My name is Eli Kreshek. I am a senior in high school, anxiously waiting to find out where I will be spending my next four years. Before I got to this point, I suffered from terrible back pain. Around the age of 15, I started to feel terrible pains in my lower back. As an athlete, we grow up with the mentality of playing through injuries. Countless times you hear the phrase “Rub some dirt on it”. That’s exactly what I did. For almost 9 months I rubbed some dirt on it and kept playing. It wasn’t until I got to camp for the summer that I couldn’t play through the pain any more. The camp, which is all sports all day, is the highlight of my year. Not being able to play sports there was truly devastating at the time. The only thing worse than not playing the sports, was not knowing why I wasn’t.
I spent the two months at camp going to physical therapy and sitting on the sidelines watching all my friends having the times of their lives. As the pain progressed, my parents decided that it was time to get an MRI. The results of this MRI came back saying that everything was clear. With this great news, I got right back into sports that day and subsequently had excruciating pain as I took my first swing in the batters box. Not being able to do one of the things I love most in my life was heartbreaking and really took a toll on my psyche at the time. I came home after the two months and was still not getting better.
We seemed to try everything. I wore a full upper body brace for two months while going to school and my pain still carried on. It wasn’t until I got to Children’s Hospital Los Angeles, that someone finally gave us a different answer: I needed surgery. Hearing those words from the doctors and my parents was honestly pretty scary. I had never had surgery, never spent any time in a hospital, and never felt so vulnerable. My stomach dropped and I couldn’t take my mind off of it for days. It wasn’t until I went back to meet with the doctor that I was able to feel more at peace with what was going to happen.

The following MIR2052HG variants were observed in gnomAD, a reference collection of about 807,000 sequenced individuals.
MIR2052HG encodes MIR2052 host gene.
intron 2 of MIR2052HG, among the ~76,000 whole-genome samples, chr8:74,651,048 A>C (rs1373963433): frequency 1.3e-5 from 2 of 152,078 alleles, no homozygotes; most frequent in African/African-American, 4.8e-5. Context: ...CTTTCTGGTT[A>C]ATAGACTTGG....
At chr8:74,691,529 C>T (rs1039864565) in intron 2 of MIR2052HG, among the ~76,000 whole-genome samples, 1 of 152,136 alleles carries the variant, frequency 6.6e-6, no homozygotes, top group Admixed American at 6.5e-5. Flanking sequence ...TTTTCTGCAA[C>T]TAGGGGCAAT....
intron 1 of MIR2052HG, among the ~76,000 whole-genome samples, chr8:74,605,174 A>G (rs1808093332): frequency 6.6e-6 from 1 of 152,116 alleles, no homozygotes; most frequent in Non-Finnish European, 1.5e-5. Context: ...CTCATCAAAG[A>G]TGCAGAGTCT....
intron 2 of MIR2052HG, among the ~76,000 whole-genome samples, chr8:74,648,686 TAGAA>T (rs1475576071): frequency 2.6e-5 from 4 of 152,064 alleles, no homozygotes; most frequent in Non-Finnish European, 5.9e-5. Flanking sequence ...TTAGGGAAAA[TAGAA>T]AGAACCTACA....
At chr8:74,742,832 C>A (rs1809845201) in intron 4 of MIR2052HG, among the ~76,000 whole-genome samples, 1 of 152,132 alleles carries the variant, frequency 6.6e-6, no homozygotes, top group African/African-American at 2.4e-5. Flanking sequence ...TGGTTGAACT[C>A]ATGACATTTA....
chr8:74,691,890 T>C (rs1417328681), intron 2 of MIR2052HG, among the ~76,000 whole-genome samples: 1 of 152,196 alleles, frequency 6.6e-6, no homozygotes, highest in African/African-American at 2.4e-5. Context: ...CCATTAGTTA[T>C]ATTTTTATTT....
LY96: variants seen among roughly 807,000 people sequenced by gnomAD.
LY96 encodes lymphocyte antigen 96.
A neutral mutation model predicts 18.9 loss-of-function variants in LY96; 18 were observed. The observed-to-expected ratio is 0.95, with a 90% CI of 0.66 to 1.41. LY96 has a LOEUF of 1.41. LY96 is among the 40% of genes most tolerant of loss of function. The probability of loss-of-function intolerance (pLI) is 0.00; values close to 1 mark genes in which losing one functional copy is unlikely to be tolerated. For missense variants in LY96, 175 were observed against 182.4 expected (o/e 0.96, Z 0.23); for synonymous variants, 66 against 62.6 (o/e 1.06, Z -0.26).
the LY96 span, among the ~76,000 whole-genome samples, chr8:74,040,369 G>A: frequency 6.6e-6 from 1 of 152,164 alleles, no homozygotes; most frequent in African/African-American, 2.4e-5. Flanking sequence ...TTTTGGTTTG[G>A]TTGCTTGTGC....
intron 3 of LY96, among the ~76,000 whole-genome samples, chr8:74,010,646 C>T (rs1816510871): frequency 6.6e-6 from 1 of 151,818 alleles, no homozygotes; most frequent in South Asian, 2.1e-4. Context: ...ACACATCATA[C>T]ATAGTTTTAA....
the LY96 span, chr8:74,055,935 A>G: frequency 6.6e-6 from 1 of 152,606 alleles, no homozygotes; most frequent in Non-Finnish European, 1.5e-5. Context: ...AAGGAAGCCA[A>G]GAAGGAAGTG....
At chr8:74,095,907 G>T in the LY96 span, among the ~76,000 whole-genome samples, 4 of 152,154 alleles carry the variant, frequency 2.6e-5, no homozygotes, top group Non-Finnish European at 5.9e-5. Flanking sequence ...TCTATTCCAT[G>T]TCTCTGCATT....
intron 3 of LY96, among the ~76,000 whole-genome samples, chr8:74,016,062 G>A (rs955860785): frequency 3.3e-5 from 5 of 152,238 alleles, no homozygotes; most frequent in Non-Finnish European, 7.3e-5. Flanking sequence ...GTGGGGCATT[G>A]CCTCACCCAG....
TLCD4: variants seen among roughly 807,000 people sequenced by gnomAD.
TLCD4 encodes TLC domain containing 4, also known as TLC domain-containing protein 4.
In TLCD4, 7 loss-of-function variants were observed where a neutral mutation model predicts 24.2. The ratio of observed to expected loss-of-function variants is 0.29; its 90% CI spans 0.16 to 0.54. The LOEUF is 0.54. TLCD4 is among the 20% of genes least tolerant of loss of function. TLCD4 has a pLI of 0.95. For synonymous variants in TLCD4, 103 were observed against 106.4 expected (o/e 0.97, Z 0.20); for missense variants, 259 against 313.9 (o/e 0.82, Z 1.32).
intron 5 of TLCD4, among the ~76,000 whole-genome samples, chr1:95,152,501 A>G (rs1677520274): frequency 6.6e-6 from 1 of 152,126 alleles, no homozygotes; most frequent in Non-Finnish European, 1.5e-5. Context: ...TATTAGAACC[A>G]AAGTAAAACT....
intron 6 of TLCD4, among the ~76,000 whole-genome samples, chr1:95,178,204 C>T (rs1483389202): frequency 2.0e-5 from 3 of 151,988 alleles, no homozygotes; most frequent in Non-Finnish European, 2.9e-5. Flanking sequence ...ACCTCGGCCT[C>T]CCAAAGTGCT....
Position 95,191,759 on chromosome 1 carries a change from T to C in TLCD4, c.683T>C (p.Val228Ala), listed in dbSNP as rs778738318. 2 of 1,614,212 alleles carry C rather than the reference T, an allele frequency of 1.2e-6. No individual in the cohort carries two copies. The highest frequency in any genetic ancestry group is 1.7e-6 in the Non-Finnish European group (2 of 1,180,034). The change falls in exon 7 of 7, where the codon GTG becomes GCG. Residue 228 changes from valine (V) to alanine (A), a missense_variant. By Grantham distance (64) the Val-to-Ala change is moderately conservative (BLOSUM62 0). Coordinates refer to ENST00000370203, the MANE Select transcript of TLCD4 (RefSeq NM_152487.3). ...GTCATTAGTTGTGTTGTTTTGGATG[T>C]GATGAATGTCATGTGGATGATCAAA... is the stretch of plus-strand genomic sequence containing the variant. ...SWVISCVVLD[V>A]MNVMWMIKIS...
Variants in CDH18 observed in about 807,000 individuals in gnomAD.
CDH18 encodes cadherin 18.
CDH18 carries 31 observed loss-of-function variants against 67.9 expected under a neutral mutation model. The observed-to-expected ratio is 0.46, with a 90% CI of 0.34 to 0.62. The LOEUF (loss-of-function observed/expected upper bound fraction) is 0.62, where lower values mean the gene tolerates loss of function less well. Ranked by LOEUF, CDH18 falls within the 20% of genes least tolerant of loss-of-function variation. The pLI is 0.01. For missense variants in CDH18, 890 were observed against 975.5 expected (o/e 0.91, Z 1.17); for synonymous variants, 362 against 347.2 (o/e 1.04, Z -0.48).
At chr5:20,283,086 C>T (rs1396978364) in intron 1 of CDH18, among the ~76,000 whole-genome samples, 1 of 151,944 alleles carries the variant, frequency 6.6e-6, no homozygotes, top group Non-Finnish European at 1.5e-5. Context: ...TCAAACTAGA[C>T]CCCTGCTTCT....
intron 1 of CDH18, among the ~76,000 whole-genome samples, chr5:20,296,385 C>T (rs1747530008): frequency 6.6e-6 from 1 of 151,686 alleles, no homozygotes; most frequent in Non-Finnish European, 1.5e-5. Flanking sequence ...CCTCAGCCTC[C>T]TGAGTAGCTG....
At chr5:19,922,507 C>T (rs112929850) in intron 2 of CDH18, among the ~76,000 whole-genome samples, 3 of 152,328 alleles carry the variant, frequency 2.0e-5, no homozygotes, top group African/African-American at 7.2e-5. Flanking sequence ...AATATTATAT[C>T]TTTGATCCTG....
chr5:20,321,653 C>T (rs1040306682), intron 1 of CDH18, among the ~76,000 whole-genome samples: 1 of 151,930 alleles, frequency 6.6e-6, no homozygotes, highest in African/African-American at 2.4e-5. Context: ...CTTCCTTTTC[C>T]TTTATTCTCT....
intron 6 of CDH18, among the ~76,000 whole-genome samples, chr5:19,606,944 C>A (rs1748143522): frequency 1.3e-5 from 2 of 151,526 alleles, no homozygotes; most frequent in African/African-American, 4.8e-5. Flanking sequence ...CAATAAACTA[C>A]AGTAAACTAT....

The thought of relieving all of this pain was an extraordinary idea. For the better part of a year, I had been in the most excruciating pain of my life. I went to sleep on January 1st content and prepared for what was about to happen. I showed up at the hospital on January 2nd and felt the anxiety draped over me. The idea of having surgery is terrifying, but knowing that I would soon be on the path to recovery was an indescribable feeling.
I said goodbye to my dad as I was wheeled into the operating room, and the next thing I remember is watching my favorite show on the television. I spent nearly 6 hours in surgery to fix three fractured petacles in my spine. I have an incision down nearly half of my back, and a smaller incision on my waistline where bone was taken from my hip to rebuild part of a petacle that detached. All in all, I have 6 pieces of metal in my lower back, and two beautiful scars.
As I gingerly walked around the hospital feeling as though I was walking for the first time again, I peered into rooms and was saddened by what I saw. I was reminded how fortunate I was to be able to say definitively that I would be leaving the hospital after four short days. Children in rooms next to me were not able to say the same.
During my time in the hospital, I received amazing care from everyone. The hospital staff continuously checked on me, the doctor who performed the surgery stayed in touch, the associate doctors checked in hourly (or at least it seemed), and the nurses were incredible. This prompted me to want to give back to this amazing place.
With the change that my dad was holding after his many trips to the cafeteria, we came up with the idea of raising simple pocket change to be given back to CHLA. It seems almost too simple. Everyone has pocket change, we just wanted to redirect it towards something that could really benefit from it.
Thanks to a partnership with the Stromsborg and Apfelberg families, we were all able to grow Change 4 Children’s and put the money towards what we knew was something meaningful for patients and nurses. As every family has had at least one child that has been treated for a different injury or ailment at Children’s Hospital, we knew exactly how to help. While resolving my lingering health issue was a huge relief, and was the real goal of my experience at Children’s Hospital, Los Angeles, that turned out not to be the only benefit. I left with a deep understanding of how fortunate I am, and how easy it is to make a difference, by just putting in the effort. There can be no argument that the entire experience has had a profound impact on my daily life. There is not a day that goes by where I do not have a coin in my pocket and remember my own experience and realize that the coin in my hand can do more for someone than anyone realizes.